These suffering states arise from the discomfort that the selfing mental process generates in the body; indeed, the body rejects the tyranny and agitation of a ‘self’ that doesn’t exist, much like any responsible populace would to an imaginary dictator. If someone played Darth Vader commands on a loud speaker in Boston, would you follow them? There’s no way! Unless you believed him to be real, that is. And that’s exactly what we do on a daily basis with the dictator of the mental state that’s pretending to be “me.” Yikes!

Beneath the flow of thoughts and their dominant themes of trying to ‘have’ and ‘become’ more, no thinker is found driving the flow of thoughts; the thoughts come and go on their own. When the sense of self that the mind generates by remembering and telling itself stories about “me”takes hold of the body-mind, it produces a sense of compulsiveness, agitation, dissatisfaction, anxiety, and sometimes profound suffering. This unpleasant state tends to move the individual into a condition of seeking some kind of respite or solution to the problem it believes it facing. This makes perfect sense, of course; once we believe we are in a burning building, it’s logical to try to find a way out.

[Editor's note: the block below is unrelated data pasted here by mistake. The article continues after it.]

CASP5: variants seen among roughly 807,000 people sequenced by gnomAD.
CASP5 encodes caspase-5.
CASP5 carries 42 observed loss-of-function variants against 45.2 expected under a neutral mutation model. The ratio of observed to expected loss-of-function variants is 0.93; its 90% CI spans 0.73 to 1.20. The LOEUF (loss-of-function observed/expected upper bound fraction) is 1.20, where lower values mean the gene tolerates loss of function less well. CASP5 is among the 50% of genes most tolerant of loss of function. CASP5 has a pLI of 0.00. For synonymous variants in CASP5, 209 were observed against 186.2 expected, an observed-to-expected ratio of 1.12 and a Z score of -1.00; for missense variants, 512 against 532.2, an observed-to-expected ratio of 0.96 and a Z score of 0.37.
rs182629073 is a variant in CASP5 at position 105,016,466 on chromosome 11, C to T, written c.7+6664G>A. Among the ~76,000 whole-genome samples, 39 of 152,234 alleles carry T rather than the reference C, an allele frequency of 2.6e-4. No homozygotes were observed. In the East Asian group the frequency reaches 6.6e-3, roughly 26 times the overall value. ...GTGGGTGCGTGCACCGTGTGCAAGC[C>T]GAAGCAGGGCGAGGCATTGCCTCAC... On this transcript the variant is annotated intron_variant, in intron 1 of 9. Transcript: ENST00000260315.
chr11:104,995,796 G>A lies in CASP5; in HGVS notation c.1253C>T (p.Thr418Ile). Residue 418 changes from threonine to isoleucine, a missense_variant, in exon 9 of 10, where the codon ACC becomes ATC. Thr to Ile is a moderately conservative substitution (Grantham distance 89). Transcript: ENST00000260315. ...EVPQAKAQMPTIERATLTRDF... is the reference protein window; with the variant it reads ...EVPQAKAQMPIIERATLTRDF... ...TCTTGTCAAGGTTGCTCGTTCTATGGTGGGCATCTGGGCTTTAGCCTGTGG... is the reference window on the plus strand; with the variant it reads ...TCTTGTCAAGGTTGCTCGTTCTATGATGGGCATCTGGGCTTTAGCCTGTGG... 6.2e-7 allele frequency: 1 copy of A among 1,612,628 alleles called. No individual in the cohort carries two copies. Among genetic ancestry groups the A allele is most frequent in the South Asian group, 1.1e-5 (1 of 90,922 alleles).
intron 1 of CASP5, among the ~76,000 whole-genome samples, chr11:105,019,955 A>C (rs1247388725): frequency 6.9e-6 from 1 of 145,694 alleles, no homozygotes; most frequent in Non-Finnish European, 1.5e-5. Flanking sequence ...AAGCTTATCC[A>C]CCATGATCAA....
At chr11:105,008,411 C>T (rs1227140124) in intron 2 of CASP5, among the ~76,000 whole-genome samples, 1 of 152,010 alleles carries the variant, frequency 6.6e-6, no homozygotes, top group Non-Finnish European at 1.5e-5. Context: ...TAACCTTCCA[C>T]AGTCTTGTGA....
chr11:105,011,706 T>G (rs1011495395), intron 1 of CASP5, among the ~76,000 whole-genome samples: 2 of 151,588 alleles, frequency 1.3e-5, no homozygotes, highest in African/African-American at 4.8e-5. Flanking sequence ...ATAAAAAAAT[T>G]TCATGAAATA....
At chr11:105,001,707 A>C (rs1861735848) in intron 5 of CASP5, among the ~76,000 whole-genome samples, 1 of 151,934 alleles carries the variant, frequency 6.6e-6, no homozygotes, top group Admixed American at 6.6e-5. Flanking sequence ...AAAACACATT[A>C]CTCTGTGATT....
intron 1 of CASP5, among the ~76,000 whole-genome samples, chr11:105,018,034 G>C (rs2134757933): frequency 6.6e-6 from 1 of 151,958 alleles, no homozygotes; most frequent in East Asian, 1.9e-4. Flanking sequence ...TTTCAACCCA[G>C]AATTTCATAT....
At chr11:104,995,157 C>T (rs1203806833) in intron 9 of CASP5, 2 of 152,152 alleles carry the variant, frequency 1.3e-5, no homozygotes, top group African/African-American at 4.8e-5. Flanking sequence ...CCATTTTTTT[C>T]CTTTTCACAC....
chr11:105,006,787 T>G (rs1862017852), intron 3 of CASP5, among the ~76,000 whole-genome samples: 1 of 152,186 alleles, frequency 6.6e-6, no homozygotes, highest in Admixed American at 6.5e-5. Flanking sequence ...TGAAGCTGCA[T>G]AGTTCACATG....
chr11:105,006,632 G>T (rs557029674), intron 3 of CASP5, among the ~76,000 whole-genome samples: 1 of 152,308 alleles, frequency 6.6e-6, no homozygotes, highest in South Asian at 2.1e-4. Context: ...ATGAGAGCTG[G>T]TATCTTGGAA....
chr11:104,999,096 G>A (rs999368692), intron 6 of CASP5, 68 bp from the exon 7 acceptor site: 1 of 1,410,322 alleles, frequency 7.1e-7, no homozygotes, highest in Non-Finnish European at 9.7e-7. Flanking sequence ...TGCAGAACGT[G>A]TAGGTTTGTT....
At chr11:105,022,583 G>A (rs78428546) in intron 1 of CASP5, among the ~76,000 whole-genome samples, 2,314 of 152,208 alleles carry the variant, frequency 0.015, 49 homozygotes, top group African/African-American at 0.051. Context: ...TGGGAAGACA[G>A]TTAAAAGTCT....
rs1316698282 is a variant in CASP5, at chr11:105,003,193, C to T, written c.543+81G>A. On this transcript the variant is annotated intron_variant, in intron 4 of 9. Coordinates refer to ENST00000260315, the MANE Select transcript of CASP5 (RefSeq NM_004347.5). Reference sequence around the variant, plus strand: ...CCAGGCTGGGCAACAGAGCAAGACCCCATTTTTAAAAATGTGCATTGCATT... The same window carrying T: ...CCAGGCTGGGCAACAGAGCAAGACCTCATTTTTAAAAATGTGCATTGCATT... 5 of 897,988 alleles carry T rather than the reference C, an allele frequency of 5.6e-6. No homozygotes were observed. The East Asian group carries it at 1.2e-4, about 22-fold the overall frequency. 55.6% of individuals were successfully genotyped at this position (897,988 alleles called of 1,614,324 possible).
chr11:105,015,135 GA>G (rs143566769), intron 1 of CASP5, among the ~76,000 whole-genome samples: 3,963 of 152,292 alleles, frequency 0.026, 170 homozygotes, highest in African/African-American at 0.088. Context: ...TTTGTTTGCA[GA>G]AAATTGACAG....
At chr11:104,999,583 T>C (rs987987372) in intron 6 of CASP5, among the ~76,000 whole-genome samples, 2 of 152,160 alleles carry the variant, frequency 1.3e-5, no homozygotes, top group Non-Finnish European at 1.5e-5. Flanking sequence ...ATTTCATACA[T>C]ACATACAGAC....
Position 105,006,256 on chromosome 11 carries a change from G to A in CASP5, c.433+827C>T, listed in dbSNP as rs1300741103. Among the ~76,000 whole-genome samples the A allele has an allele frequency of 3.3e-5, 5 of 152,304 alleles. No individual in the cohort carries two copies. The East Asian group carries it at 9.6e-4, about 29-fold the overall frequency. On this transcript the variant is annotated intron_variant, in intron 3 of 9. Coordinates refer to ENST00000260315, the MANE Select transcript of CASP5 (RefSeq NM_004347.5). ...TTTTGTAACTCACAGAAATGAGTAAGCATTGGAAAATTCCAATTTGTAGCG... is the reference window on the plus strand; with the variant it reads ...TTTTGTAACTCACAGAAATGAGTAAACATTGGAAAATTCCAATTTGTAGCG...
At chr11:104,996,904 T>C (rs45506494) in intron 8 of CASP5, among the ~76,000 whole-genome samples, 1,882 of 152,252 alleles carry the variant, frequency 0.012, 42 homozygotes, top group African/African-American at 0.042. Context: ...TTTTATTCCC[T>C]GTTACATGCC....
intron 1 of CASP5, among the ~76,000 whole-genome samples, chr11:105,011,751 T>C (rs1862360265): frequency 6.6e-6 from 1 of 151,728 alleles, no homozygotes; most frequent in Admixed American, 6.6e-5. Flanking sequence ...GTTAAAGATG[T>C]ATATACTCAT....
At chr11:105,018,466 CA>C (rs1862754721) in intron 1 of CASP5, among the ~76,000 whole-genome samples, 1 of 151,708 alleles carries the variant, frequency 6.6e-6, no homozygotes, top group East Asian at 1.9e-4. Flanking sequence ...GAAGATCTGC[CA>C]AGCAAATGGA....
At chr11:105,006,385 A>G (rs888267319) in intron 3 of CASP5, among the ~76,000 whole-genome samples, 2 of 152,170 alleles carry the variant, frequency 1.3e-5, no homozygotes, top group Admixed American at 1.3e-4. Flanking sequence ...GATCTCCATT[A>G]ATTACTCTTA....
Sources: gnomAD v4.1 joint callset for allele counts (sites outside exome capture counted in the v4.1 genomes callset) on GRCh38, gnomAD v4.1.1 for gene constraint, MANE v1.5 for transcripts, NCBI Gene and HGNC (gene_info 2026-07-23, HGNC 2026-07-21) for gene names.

In the spiritual community, the fast-food mentality applied to “the spiritual search” can sometimes take the form of people dedicating years to the ‘satsang circuit,’ just travelling around doing retreats with one guru after another, hopping between satsangs like a frog between lily pads. In some ways, satsang hopping sounds like a wonderful time, but from the point of view of truth, there’s really no need to travel even a centimeter to get Home; we’re looking from it. Regardless of where we seem to go.

Of course, the story of being a “seeker of enlightenment” on a hero’s journey has a great appeal for the mind because it makes “me” special, woohoo! I’m a hero cutting through the demons of ignorance and suffering! Hi-ya! Hadouken!